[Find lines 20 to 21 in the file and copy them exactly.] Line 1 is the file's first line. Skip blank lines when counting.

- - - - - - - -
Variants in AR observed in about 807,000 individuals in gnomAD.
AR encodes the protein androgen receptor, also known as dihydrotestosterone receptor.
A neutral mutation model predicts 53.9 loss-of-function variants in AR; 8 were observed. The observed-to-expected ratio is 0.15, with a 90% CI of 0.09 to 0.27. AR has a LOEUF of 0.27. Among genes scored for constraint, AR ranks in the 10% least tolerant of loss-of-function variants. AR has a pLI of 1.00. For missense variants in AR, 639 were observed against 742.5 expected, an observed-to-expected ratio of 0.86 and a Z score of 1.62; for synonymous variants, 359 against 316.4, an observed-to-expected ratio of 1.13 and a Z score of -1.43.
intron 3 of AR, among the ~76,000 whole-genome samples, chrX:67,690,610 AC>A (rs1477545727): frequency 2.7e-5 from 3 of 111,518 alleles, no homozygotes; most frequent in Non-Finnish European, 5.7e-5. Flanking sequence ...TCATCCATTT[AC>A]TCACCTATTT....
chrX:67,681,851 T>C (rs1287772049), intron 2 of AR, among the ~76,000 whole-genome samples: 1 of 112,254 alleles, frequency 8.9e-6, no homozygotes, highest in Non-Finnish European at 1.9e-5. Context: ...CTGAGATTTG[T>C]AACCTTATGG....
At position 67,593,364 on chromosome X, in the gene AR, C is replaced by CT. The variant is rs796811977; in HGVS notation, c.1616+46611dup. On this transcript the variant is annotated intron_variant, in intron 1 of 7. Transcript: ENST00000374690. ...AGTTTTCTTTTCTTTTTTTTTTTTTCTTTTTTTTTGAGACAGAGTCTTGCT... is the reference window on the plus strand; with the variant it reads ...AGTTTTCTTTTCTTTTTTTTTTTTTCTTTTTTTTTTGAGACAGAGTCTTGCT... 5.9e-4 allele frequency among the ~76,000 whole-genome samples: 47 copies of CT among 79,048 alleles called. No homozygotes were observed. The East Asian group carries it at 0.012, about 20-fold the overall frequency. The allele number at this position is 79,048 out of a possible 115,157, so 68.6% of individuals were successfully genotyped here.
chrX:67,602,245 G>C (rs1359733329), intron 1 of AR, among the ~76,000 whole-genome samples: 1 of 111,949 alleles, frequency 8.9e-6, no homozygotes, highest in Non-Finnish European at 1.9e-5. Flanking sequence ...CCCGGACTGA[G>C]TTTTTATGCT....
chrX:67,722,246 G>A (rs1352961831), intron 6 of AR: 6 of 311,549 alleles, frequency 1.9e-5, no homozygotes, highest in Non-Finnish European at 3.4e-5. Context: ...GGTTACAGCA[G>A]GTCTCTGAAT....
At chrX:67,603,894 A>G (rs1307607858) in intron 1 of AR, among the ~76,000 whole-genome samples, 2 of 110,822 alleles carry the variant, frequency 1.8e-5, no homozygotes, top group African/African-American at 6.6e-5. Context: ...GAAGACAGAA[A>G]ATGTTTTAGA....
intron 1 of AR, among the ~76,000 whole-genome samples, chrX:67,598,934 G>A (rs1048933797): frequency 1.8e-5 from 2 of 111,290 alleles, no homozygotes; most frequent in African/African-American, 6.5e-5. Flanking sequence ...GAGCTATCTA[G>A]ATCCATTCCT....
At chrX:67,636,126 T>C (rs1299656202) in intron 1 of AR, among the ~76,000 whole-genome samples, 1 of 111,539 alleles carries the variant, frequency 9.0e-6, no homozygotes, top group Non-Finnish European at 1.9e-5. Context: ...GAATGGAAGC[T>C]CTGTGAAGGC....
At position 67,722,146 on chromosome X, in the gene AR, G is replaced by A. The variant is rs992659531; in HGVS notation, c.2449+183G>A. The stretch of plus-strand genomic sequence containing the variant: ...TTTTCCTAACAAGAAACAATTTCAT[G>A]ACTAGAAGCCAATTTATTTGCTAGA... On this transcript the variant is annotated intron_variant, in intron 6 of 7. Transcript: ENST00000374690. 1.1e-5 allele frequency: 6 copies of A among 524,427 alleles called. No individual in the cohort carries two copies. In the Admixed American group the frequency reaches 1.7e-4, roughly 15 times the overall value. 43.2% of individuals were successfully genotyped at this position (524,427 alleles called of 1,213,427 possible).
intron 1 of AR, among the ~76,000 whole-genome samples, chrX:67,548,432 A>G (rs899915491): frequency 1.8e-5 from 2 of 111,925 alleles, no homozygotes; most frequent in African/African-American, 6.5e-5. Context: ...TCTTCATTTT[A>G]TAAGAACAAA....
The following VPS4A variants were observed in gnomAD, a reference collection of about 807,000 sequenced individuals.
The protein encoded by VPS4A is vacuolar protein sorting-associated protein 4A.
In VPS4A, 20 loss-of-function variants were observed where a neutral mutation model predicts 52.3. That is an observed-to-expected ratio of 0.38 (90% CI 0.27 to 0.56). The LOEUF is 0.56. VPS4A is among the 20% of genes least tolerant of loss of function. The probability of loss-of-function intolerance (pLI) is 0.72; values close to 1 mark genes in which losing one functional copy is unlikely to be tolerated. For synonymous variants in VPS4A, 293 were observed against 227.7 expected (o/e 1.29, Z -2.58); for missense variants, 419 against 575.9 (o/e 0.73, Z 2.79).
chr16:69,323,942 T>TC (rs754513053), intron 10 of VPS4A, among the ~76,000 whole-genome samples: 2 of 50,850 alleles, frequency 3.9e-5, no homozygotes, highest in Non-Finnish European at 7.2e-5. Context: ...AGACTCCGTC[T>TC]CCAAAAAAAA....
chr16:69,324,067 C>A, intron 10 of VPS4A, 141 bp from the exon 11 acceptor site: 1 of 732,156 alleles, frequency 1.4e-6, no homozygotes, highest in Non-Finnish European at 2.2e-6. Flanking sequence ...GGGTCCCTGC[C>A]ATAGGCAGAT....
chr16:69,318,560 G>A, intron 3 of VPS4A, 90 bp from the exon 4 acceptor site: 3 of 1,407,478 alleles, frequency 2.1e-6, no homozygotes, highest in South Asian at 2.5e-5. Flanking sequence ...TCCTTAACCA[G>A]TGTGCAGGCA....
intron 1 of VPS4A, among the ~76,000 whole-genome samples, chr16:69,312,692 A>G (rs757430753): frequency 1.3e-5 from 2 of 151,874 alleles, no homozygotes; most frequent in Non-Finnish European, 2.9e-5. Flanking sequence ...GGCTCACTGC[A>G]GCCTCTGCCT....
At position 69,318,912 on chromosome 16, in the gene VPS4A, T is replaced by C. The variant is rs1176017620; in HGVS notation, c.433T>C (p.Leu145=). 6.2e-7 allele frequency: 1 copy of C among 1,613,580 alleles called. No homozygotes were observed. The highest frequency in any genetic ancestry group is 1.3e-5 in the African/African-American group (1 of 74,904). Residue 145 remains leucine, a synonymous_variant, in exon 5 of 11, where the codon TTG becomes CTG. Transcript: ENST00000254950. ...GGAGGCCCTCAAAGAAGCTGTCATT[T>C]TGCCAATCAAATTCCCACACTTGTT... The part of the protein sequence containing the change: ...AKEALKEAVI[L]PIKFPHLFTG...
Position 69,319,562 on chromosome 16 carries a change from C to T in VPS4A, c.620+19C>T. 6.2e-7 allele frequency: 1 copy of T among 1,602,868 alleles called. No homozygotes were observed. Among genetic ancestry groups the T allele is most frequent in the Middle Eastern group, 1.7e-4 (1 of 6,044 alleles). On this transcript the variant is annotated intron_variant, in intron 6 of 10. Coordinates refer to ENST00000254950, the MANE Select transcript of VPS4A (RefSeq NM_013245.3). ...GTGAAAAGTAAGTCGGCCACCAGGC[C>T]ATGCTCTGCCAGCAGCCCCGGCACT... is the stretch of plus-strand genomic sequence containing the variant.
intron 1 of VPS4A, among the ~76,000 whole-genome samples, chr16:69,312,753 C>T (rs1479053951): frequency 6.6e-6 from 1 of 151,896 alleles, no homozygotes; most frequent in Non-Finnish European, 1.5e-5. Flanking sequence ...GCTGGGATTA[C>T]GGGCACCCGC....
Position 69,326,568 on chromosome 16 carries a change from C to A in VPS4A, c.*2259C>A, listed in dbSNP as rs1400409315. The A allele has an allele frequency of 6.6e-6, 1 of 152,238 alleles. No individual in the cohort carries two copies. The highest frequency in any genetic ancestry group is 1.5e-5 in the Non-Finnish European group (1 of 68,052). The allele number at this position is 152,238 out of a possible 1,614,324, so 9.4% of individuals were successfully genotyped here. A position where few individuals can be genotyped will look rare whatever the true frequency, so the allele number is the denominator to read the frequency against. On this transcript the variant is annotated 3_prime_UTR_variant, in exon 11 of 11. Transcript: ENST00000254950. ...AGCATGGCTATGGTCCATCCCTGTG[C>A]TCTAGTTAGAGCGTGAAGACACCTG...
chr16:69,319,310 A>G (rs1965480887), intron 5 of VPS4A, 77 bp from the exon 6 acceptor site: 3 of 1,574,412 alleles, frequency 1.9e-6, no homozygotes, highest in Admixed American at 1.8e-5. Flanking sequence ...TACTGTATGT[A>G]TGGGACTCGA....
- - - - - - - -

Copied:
intron 1 of VPS4A, among the ~76,000 whole-genome samples, chr16:69,312,692 A>G (rs757430753): frequency 1.3e-5 from 2 of 151,874 alleles, no homozygotes; most frequent in Non-Finnish European, 2.9e-5. Flanking sequence ...GGCTCACTGC[A>G]GCCTCTGCCT....
At position 69,318,912 on chromosome 16, in the gene VPS4A, T is replaced by C. The variant is rs1176017620; in HGVS notation, c.433T>C (p.Leu145=). 6.2e-7 allele frequency: 1 copy of C among 1,613,580 alleles called. No homozygotes were observed. The highest frequency in any genetic ancestry group is 1.3e-5 in the African/African-American group (1 of 74,904). Residue 145 remains leucine, a synonymous_variant, in exon 5 of 11, where the codon TTG becomes CTG. Transcript: ENST00000254950. ...GGAGGCCCTCAAAGAAGCTGTCATT[T>C]TGCCAATCAAATTCCCACACTTGTT... The part of the protein sequence containing the change: ...AKEALKEAVI[L]PIKFPHLFTG...